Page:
While Christmas is about celebrating the birth of Christ, through the centuries it is has come to include exchanging gifts, being with family and friends and lots of eating! Since LightWorkers is about all of these things, we thought it would be fun to take a four-corner “Happy Holiday” spin around the globe to see what’s on the menu elsewhere.
Running the latitude of 66°33′45.9″ north of the Equator is Santa’s Arctic Circle home in Rovaniemi, Lapland Finland. Their Christmas meal is ham, scalloped potatoes, salmon and rice porridge. After dinner, families go to the cemetery to light candles in remembrance of the deceased. Then at some point during the evening, their tradition is to take a sauna. As you can expect, Santa, joulupukki, visits every home, though he comes through the door instead of the chimney.
You can try making Finnish Scalloped Potatoes, Perunagratiini. Seems pretty simple. Thinly slice baking potatoes and layer in a deep dish pan. Add a large yellow onion, sliced into thin rings. Then, pour in some heavy cream. Season with salt and pepper. Bake covered for twenty-five minutes, then uncovered for another twenty-five minutes, or until the edges of the potatoes are crisp.
If you truly want a white Christmas, head to the bottom of the world, Antarctica, where the day is celebrated with twenty-four hours of daylight. Even though you are in one of the most remote corners of the world that will not exclude you from being able to enjoy a roast turkey with all the trimmings. However, you might find yourself sharing dinner with some penguins. This is the time of year when they are busily going back and forth from sea to shore feeding their chicks.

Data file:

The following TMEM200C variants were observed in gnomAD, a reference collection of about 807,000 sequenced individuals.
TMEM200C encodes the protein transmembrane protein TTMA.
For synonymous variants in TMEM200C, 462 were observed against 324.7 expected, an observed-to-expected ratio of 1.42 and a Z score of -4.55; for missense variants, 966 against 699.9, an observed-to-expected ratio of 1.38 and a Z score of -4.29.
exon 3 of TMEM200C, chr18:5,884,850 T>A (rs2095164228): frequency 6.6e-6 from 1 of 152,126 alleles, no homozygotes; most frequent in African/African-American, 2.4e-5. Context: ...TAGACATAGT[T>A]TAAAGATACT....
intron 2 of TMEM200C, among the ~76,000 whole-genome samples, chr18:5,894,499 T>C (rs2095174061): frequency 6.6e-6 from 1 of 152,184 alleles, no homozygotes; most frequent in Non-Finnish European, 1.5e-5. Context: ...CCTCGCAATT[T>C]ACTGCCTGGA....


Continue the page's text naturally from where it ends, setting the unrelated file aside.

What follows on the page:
Spinning around to Hawaii, where the weather is the extreme opposite, and Santa aloha shirts and Christmas leis are the formal dress of the day. Here folks like to celebrate the holiday with a communal luau. Dinner is usually Kalua Pig roasted in an underground oven, an imu. The side dish is Lomi-Lomi Salmon, a fresh tomato, Maui onion and salmon salad. Of course, there is their traditional Poi, which is made from the taro plant and looks like mashed potatoes. For dessert, it is Haupia. This is a coconut milk-based Hawaiian dessert. It is basically diluted coconut milk, sugar, salt, mixed with cornstarch and heated until it becomes thick and smooth, then poured into a rectangular pan and chilled, as you would gelatin. When ready, it is cut into cubes and serve on a square Hawaiian Ti Leaf.
Finally, we land in Africa. Contrary to what many may think, Kwanzaa is not celebrated there. Kwanzaa is an American tradition that recognizes the African-American heritage. Though similar to us, Africans celebrate the day by eating turkey, mince pies, followed by Malva Pudding, their version Christmas Pudding. Malva is made with cream butter, sugar, egg, apricot jam, some milk, a bit of bicarbonate soda, flour and a touch of vinegar.
Happy Holidays, wherever you are!